As one Castro gave way to another, the realities of interjecting capitalist concepts into ingrained communist dogmas began throwing up unexpected and decidedly unpleasant side effects. Fakhre and his COO Stephen Purvis, who’d moved his whole family from Wimbledon to Havana, were both imprisoned, initially in ‘the Villa’, the Cuban Lubyanka, and were only released in 2013 after two years of hell with little explanation other than very vague unsubstantiated references to Raul Castro’s corruption crackdown. The golf course contract was given to the Chinese, the Saratoga’s minority interest was supposedly expropriated, though Coral executives are clearly still involved, and buccaneering businessmen seemed to be suddenly running out of buck.
The Saratoga’s original Cuban partner, the Havana Historian’s Office, has now been supplanted by the army, who tend to have a hand in many such commercial ventures, hence Donald Trump’s assertion that tourism is just pouring money directly into the army’s coffers. There aren’t men in uniform saluting at reception, or chambermaids marching down the corridors in formation, but the army is ultimately in charge.
The Saratoga’s atmosphere hints at what might be described as ‘politburo posh’, that unique style statement forged in Eastern Europe’s top-end hotels in the soviet era: the Metropol just off Red Square, where I dined next to a general with more medals than Usain Bolt, or Warsaw’s Grand Hotel, peering over a menu the size of a billboard as a magician released pigeons around the restaurant. Surreal but treasured memories, to which the Saratoga is able to deliver a nostalgic nudge.
With 96 rooms, at best it could be described as a ‘baby grand’ hotel, although probably prefers to view itself as boutique. Polished dark woods, antique furniture, and a predominantly neutral colour palette predominate. In a city where wi-fi codes are treated with the reverence of contraband, the Saratoga is one of the few hotels to offer floor to ceiling Internet coverage all over the property. Many hotels in Havana can only manage wi-fi coverage in the lobby, if that. One of many aspects of life behind the sugar-cane curtain, not to be taken for granted.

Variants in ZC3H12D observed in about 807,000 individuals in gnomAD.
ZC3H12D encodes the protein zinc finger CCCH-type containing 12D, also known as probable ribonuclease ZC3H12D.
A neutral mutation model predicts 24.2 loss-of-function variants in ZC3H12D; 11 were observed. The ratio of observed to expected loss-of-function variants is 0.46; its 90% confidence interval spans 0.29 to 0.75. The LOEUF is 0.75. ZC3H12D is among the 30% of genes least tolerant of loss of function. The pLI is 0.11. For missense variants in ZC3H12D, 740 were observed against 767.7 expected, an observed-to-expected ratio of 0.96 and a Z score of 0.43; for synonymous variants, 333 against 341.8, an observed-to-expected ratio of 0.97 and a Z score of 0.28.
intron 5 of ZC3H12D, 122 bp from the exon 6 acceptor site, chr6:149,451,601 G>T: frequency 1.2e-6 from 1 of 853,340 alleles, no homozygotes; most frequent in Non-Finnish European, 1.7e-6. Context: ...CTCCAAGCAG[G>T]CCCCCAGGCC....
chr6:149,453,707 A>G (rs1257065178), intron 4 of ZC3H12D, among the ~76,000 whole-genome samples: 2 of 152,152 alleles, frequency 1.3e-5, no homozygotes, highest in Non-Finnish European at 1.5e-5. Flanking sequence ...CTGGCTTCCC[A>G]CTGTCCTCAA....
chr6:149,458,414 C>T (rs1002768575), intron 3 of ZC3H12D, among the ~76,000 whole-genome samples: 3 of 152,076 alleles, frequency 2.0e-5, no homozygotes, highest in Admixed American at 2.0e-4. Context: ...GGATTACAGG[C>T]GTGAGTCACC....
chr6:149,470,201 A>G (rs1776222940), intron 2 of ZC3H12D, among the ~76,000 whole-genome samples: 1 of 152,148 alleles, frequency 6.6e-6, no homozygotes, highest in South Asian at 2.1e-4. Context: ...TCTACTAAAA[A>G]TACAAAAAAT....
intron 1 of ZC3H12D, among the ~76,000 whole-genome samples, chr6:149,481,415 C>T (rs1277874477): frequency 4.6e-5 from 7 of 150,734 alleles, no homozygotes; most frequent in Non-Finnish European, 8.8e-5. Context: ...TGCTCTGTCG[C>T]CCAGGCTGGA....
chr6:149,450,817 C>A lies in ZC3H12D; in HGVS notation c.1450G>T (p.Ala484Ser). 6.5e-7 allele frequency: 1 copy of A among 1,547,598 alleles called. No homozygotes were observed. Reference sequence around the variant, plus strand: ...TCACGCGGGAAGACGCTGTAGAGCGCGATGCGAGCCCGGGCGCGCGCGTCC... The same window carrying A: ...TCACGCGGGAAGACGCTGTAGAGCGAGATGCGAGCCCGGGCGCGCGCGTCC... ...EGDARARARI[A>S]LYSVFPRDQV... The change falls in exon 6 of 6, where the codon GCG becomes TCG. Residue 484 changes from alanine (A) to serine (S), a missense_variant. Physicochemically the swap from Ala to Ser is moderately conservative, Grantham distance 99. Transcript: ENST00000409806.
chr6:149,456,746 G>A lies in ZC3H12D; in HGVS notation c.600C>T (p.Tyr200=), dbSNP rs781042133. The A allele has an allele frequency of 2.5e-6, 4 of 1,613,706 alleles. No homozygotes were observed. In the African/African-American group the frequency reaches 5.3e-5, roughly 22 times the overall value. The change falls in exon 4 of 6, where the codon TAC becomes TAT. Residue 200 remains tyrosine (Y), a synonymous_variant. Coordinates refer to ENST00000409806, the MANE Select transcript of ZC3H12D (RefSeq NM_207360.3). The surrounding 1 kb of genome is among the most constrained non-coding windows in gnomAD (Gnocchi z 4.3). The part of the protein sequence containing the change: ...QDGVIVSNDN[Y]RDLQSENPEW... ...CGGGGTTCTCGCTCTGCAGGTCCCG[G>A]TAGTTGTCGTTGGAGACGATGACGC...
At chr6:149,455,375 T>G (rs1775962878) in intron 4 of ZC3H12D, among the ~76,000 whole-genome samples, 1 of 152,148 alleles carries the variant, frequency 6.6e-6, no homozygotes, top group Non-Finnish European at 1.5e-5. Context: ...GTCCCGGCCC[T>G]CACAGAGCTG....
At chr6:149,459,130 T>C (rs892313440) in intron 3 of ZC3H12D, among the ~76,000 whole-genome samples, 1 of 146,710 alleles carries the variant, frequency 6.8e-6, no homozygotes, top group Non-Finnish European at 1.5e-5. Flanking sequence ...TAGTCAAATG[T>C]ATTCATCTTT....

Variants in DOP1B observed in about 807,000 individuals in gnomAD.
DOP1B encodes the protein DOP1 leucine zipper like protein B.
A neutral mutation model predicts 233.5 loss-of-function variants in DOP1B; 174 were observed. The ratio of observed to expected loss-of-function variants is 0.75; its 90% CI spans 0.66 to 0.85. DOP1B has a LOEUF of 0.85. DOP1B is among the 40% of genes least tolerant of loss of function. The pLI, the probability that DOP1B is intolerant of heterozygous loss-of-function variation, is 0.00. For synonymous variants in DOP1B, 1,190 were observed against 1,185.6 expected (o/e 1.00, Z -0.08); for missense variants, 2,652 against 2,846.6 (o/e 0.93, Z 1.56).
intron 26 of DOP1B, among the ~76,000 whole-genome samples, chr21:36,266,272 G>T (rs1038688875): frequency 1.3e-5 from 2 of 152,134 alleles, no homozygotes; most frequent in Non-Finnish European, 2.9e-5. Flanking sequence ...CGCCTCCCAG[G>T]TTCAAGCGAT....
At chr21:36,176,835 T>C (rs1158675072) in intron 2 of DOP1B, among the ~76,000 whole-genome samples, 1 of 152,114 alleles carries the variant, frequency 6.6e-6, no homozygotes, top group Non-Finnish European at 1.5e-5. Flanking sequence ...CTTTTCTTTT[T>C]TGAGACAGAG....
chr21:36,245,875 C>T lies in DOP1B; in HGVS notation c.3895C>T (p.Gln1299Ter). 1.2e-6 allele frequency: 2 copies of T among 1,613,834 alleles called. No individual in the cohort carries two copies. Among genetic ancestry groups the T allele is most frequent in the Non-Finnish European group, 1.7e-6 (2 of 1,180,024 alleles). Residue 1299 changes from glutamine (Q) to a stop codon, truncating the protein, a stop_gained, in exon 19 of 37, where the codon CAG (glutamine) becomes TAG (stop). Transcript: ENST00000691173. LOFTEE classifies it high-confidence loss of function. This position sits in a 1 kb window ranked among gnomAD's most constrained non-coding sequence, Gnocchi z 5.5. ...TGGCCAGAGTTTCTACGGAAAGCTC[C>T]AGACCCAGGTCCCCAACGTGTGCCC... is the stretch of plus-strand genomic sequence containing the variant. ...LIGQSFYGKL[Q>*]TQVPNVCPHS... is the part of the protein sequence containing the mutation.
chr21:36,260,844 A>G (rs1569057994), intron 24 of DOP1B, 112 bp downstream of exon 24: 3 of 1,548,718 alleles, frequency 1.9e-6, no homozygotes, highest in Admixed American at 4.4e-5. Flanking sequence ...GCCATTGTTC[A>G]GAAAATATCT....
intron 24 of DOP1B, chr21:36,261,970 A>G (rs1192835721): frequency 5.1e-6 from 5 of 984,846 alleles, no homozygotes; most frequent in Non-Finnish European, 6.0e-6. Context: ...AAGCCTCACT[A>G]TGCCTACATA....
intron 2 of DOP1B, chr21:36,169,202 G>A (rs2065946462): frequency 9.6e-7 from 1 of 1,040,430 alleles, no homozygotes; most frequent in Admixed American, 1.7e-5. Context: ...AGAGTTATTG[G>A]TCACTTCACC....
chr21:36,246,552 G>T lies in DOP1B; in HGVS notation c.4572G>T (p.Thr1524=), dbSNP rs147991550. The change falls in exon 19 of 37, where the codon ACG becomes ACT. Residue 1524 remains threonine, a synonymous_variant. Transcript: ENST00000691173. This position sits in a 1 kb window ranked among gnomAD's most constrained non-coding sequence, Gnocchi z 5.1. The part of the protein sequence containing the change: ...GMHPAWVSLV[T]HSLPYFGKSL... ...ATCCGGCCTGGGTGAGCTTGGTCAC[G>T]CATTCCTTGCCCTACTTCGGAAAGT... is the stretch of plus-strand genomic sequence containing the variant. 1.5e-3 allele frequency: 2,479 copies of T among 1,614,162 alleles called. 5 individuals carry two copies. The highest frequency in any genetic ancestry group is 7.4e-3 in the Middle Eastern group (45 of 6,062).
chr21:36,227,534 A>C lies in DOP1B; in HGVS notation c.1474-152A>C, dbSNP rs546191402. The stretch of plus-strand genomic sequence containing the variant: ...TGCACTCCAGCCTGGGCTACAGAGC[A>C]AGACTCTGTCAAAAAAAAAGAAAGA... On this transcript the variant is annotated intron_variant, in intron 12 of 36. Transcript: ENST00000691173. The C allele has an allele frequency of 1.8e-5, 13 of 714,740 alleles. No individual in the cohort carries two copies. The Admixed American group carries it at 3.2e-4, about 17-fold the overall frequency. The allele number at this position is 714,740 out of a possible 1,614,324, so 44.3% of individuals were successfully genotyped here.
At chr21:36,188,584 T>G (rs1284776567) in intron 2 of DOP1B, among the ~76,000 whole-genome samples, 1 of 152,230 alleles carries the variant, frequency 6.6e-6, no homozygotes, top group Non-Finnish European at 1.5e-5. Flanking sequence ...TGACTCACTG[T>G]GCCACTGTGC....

Conservatively furnished rooms are spacious and bright with views out across central Havana toward the Capitolio, and the Gran Teatro de la Habana. Fifteen years on, the expansive marbled bathrooms are still managing to project plush, if not hinting at remodelling down the road. Service throughout is competent and cordial. There’s a very stylish first floor bar that Hemingway would have been perfectly happy getting hammered in, and spectacular views from another one on the roof, where there’s also a small, (but not too small) swimming pool.
The L-shaped restaurant on the ground floor somehow manages to look as though it’s been there since the 1970s, but that could simply be exacerbated by an apparent dearth of diners. One couldn’t help concluding that such a landmark hotel could be mining its culinary seam a little more effectively. Certainly, dinner prepared by the newly installed chef from Seville, was to a very accomplished standard. A few people to come along and eat it, shouldn’t be too much to ask.
The Hotel Saratoga undoubtedly remains one of the top places to stay in Havana. The added buzz that will accompany a restored and reactivated Capitolio can only serve to underpin its already prime position, while the understated charm that has drawn in a top-drawer clientele since its inception, is still palpable. The plans this year to update the roof bar, pool area, and the exterior façade of the building will also deliver a welcome lift.
Around the time of the hotel’s launch, plans for Butch Kerzner’s Bahamas-based One&Only Resorts to assume operational responsibility were at an advanced stage, until a helicopter crash in the neighbouring Dominican Republic killed Kerzner in 2006. No management partnerships were ever entered into in the end, but whether the Saratoga retains its place at the top table of Havana hospitality without resorting to one, remains to be seen.
Rooms start from $339 (USD) per night.